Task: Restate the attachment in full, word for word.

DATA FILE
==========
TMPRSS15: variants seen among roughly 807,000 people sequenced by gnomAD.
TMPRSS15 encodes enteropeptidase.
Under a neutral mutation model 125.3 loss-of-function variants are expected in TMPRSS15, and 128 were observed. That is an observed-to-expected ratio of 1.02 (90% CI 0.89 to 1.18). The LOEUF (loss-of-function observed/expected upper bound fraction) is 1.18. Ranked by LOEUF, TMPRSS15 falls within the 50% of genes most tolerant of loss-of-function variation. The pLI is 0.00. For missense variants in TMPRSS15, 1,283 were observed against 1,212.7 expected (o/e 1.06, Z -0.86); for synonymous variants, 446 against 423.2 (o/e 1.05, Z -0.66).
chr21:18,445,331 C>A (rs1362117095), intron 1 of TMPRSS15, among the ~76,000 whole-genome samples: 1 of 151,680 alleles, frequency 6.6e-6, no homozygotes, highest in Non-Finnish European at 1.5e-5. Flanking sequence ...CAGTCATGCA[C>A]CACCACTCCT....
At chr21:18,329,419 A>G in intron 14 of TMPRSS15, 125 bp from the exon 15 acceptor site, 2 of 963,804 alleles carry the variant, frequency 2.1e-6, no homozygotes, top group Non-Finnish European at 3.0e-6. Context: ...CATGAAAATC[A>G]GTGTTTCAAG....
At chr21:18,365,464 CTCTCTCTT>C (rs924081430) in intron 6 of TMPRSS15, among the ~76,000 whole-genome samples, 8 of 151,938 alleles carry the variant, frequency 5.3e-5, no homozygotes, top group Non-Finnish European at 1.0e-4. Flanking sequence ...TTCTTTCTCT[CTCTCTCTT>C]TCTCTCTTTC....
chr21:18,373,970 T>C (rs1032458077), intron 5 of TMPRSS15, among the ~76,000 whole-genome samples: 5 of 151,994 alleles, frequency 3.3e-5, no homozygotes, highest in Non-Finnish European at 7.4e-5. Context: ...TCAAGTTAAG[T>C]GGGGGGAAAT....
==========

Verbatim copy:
TMPRSS15: variants seen among roughly 807,000 people sequenced by gnomAD.
TMPRSS15 encodes enteropeptidase.
Under a neutral mutation model 125.3 loss-of-function variants are expected in TMPRSS15, and 128 were observed. That is an observed-to-expected ratio of 1.02 (90% CI 0.89 to 1.18). The LOEUF (loss-of-function observed/expected upper bound fraction) is 1.18. Ranked by LOEUF, TMPRSS15 falls within the 50% of genes most tolerant of loss-of-function variation. The pLI is 0.00. For missense variants in TMPRSS15, 1,283 were observed against 1,212.7 expected (o/e 1.06, Z -0.86); for synonymous variants, 446 against 423.2 (o/e 1.05, Z -0.66).
chr21:18,445,331 C>A (rs1362117095), intron 1 of TMPRSS15, among the ~76,000 whole-genome samples: 1 of 151,680 alleles, frequency 6.6e-6, no homozygotes, highest in Non-Finnish European at 1.5e-5. Flanking sequence ...CAGTCATGCA[C>A]CACCACTCCT....
At chr21:18,329,419 A>G in intron 14 of TMPRSS15, 125 bp from the exon 15 acceptor site, 2 of 963,804 alleles carry the variant, frequency 2.1e-6, no homozygotes, top group Non-Finnish European at 3.0e-6. Context: ...CATGAAAATC[A>G]GTGTTTCAAG....
At chr21:18,365,464 CTCTCTCTT>C (rs924081430) in intron 6 of TMPRSS15, among the ~76,000 whole-genome samples, 8 of 151,938 alleles carry the variant, frequency 5.3e-5, no homozygotes, top group Non-Finnish European at 1.0e-4. Flanking sequence ...TTCTTTCTCT[CTCTCTCTT>C]TCTCTCTTTC....
chr21:18,373,970 T>C (rs1032458077), intron 5 of TMPRSS15, among the ~76,000 whole-genome samples: 5 of 151,994 alleles, frequency 3.3e-5, no homozygotes, highest in Non-Finnish European at 7.4e-5. Context: ...TCAAGTTAAG[T>C]GGGGGGAAAT....